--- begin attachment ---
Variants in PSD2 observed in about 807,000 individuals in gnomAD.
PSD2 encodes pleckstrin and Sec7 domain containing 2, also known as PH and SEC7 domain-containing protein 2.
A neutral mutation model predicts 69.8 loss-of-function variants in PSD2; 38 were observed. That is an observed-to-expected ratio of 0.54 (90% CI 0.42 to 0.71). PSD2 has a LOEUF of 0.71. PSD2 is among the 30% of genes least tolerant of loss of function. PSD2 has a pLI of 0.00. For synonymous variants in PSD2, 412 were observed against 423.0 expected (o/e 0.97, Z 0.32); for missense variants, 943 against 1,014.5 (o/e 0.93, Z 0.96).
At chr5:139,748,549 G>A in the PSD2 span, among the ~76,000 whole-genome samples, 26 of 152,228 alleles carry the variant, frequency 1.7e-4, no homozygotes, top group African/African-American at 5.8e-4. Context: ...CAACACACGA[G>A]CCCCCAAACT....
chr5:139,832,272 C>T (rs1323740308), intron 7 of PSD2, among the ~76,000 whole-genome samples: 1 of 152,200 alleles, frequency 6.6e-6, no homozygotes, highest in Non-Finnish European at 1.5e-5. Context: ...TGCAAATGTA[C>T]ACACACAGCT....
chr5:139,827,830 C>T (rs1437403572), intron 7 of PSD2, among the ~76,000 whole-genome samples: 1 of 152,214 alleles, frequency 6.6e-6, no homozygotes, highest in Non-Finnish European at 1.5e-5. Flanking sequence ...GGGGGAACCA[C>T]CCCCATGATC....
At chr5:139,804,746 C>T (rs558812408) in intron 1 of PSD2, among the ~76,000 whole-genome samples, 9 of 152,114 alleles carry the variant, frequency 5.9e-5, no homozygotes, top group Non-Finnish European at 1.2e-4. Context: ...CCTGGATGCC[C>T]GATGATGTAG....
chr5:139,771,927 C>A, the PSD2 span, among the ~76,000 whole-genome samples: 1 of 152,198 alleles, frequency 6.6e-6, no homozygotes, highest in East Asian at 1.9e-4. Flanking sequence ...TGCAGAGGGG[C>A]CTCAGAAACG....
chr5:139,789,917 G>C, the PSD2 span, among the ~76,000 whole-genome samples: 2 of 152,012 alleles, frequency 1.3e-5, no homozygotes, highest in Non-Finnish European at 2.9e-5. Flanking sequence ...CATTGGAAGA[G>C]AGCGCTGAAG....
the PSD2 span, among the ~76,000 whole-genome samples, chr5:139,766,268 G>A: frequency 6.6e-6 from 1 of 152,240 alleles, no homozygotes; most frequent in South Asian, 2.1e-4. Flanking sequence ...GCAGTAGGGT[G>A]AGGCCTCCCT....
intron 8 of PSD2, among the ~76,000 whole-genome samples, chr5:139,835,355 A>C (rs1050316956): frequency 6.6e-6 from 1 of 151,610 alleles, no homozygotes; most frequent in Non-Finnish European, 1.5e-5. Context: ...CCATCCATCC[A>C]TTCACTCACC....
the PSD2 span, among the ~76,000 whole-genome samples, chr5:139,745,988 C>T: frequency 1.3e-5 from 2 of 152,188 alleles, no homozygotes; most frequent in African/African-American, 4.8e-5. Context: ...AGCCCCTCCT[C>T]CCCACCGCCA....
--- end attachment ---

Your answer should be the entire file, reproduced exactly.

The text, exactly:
Variants in PSD2 observed in about 807,000 individuals in gnomAD.
PSD2 encodes pleckstrin and Sec7 domain containing 2, also known as PH and SEC7 domain-containing protein 2.
A neutral mutation model predicts 69.8 loss-of-function variants in PSD2; 38 were observed. That is an observed-to-expected ratio of 0.54 (90% CI 0.42 to 0.71). PSD2 has a LOEUF of 0.71. PSD2 is among the 30% of genes least tolerant of loss of function. PSD2 has a pLI of 0.00. For synonymous variants in PSD2, 412 were observed against 423.0 expected (o/e 0.97, Z 0.32); for missense variants, 943 against 1,014.5 (o/e 0.93, Z 0.96).
At chr5:139,748,549 G>A in the PSD2 span, among the ~76,000 whole-genome samples, 26 of 152,228 alleles carry the variant, frequency 1.7e-4, no homozygotes, top group African/African-American at 5.8e-4. Context: ...CAACACACGA[G>A]CCCCCAAACT....
chr5:139,832,272 C>T (rs1323740308), intron 7 of PSD2, among the ~76,000 whole-genome samples: 1 of 152,200 alleles, frequency 6.6e-6, no homozygotes, highest in Non-Finnish European at 1.5e-5. Context: ...TGCAAATGTA[C>T]ACACACAGCT....
chr5:139,827,830 C>T (rs1437403572), intron 7 of PSD2, among the ~76,000 whole-genome samples: 1 of 152,214 alleles, frequency 6.6e-6, no homozygotes, highest in Non-Finnish European at 1.5e-5. Flanking sequence ...GGGGGAACCA[C>T]CCCCATGATC....
At chr5:139,804,746 C>T (rs558812408) in intron 1 of PSD2, among the ~76,000 whole-genome samples, 9 of 152,114 alleles carry the variant, frequency 5.9e-5, no homozygotes, top group Non-Finnish European at 1.2e-4. Context: ...CCTGGATGCC[C>T]GATGATGTAG....
chr5:139,771,927 C>A, the PSD2 span, among the ~76,000 whole-genome samples: 1 of 152,198 alleles, frequency 6.6e-6, no homozygotes, highest in East Asian at 1.9e-4. Flanking sequence ...TGCAGAGGGG[C>A]CTCAGAAACG....
chr5:139,789,917 G>C, the PSD2 span, among the ~76,000 whole-genome samples: 2 of 152,012 alleles, frequency 1.3e-5, no homozygotes, highest in Non-Finnish European at 2.9e-5. Flanking sequence ...CATTGGAAGA[G>C]AGCGCTGAAG....
the PSD2 span, among the ~76,000 whole-genome samples, chr5:139,766,268 G>A: frequency 6.6e-6 from 1 of 152,240 alleles, no homozygotes; most frequent in South Asian, 2.1e-4. Flanking sequence ...GCAGTAGGGT[G>A]AGGCCTCCCT....
intron 8 of PSD2, among the ~76,000 whole-genome samples, chr5:139,835,355 A>C (rs1050316956): frequency 6.6e-6 from 1 of 151,610 alleles, no homozygotes; most frequent in Non-Finnish European, 1.5e-5. Context: ...CCATCCATCC[A>C]TTCACTCACC....
the PSD2 span, among the ~76,000 whole-genome samples, chr5:139,745,988 C>T: frequency 1.3e-5 from 2 of 152,188 alleles, no homozygotes; most frequent in African/African-American, 4.8e-5. Context: ...AGCCCCTCCT[C>T]CCCACCGCCA....